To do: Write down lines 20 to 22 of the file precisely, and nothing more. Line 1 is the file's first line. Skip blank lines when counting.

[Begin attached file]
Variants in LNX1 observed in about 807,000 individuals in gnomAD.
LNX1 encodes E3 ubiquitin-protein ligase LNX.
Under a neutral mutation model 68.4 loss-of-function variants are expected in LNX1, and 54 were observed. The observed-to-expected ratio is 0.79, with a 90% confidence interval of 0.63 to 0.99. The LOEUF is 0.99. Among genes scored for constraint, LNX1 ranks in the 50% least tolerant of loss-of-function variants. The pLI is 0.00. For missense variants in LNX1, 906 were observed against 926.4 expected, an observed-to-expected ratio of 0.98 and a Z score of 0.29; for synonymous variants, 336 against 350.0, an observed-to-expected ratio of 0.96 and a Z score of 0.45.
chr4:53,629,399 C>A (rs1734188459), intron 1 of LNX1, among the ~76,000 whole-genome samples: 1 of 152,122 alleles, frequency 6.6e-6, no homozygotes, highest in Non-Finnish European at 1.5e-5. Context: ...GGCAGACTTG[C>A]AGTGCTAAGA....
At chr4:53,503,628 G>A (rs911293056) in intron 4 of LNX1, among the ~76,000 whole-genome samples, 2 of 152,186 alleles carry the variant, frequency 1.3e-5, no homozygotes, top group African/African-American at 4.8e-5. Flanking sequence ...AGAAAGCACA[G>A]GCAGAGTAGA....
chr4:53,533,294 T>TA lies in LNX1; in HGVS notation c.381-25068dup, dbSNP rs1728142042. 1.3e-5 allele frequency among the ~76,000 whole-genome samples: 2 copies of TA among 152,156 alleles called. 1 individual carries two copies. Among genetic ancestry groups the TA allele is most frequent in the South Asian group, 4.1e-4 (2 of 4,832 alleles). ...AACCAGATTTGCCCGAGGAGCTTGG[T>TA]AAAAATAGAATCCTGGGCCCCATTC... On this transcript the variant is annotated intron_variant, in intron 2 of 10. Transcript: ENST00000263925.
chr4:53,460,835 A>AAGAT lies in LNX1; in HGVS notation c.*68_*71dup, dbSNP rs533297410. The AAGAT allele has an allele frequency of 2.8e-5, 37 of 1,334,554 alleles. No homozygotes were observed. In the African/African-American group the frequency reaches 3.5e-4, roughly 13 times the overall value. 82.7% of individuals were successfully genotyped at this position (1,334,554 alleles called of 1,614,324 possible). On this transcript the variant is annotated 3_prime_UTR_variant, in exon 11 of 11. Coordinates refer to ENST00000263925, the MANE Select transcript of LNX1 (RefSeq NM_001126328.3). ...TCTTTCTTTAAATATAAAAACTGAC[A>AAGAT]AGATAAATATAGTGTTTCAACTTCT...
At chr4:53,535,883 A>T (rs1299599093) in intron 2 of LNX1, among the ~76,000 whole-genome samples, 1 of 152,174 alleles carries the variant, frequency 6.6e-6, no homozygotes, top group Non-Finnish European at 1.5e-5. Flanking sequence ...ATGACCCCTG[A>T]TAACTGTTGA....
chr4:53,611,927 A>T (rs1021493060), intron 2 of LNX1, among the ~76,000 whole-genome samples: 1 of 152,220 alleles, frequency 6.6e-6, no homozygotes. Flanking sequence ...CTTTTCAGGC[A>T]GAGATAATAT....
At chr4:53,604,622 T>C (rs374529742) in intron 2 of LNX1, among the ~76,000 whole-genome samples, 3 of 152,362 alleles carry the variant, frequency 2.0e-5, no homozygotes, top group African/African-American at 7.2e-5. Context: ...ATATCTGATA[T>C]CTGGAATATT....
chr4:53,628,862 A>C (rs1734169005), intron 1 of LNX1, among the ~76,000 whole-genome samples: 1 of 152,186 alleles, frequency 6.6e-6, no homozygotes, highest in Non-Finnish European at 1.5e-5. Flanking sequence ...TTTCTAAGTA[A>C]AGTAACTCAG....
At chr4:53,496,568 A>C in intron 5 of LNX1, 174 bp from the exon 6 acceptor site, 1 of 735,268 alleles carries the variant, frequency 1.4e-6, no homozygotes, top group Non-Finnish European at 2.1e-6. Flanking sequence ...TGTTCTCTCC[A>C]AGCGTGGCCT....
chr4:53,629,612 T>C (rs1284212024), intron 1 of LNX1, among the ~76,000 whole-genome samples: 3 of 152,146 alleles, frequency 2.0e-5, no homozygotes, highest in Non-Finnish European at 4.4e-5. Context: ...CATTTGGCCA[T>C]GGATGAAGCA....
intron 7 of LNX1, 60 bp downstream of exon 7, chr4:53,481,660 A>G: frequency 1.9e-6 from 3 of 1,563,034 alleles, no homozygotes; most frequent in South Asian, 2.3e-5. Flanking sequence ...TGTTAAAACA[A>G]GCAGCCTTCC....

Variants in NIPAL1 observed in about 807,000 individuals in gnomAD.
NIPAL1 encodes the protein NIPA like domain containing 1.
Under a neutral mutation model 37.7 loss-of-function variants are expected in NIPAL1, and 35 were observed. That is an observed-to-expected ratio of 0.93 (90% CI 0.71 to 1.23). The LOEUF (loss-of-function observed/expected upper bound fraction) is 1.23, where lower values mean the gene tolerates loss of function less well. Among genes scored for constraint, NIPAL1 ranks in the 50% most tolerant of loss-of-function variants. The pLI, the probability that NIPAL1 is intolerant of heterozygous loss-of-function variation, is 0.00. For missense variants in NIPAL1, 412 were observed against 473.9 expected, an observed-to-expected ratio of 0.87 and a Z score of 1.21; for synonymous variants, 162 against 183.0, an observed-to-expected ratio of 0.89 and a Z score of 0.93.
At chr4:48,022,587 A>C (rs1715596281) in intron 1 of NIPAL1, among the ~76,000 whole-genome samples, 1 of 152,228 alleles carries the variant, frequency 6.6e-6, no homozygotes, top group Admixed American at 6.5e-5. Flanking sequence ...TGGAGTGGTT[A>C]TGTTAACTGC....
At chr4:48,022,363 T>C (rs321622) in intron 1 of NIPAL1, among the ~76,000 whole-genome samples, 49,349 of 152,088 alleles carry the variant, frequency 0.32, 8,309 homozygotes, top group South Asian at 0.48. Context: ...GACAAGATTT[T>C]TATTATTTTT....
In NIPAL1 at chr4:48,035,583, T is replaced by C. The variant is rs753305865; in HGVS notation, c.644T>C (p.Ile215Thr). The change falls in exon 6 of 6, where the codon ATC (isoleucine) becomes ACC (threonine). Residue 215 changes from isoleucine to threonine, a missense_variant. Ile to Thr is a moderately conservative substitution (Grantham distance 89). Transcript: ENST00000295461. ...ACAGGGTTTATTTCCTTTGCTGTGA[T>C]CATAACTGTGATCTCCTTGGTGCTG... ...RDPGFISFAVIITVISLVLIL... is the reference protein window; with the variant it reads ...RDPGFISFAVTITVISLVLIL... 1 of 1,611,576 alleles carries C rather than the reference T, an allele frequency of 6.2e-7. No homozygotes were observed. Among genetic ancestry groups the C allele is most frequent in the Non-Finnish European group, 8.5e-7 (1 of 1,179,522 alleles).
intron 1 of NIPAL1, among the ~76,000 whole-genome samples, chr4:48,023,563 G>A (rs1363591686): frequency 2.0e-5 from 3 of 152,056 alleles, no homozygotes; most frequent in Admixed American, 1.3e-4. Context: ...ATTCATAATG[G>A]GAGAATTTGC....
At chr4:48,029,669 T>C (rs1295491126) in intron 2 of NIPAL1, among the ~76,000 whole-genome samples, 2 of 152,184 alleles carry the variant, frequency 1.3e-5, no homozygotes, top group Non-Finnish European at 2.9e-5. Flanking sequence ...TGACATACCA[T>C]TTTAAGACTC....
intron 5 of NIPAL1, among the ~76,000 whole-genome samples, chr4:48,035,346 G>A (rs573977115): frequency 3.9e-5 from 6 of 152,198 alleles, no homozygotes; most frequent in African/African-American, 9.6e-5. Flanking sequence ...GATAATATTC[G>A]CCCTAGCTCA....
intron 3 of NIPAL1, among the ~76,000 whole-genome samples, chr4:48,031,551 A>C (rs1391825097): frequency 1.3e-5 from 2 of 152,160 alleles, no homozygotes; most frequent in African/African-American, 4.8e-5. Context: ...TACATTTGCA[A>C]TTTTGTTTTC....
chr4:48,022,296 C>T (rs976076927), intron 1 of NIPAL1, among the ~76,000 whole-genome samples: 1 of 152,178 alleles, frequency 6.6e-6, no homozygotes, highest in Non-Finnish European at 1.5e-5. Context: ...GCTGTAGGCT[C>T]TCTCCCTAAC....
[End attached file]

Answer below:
In NIPAL1 at chr4:48,035,583, T is replaced by C. The variant is rs753305865; in HGVS notation, c.644T>C (p.Ile215Thr). The change falls in exon 6 of 6, where the codon ATC (isoleucine) becomes ACC (threonine). Residue 215 changes from isoleucine to threonine, a missense_variant. Ile to Thr is a moderately conservative substitution (Grantham distance 89). Transcript: ENST00000295461. ...ACAGGGTTTATTTCCTTTGCTGTGA[T>C]CATAACTGTGATCTCCTTGGTGCTG... ...RDPGFISFAVIITVISLVLIL... is the reference protein window; with the variant it reads ...RDPGFISFAVTITVISLVLIL... 1 of 1,611,576 alleles carries C rather than the reference T, an allele frequency of 6.2e-7. No homozygotes were observed. Among genetic ancestry groups the C allele is most frequent in the Non-Finnish European group, 8.5e-7 (1 of 1,179,522 alleles).
intron 1 of NIPAL1, among the ~76,000 whole-genome samples, chr4:48,023,563 G>A (rs1363591686): frequency 2.0e-5 from 3 of 152,056 alleles, no homozygotes; most frequent in Admixed American, 1.3e-4. Context: ...ATTCATAATG[G>A]GAGAATTTGC....
At chr4:48,029,669 T>C (rs1295491126) in intron 2 of NIPAL1, among the ~76,000 whole-genome samples, 2 of 152,184 alleles carry the variant, frequency 1.3e-5, no homozygotes, top group Non-Finnish European at 2.9e-5. Flanking sequence ...TGACATACCA[T>C]TTTAAGACTC....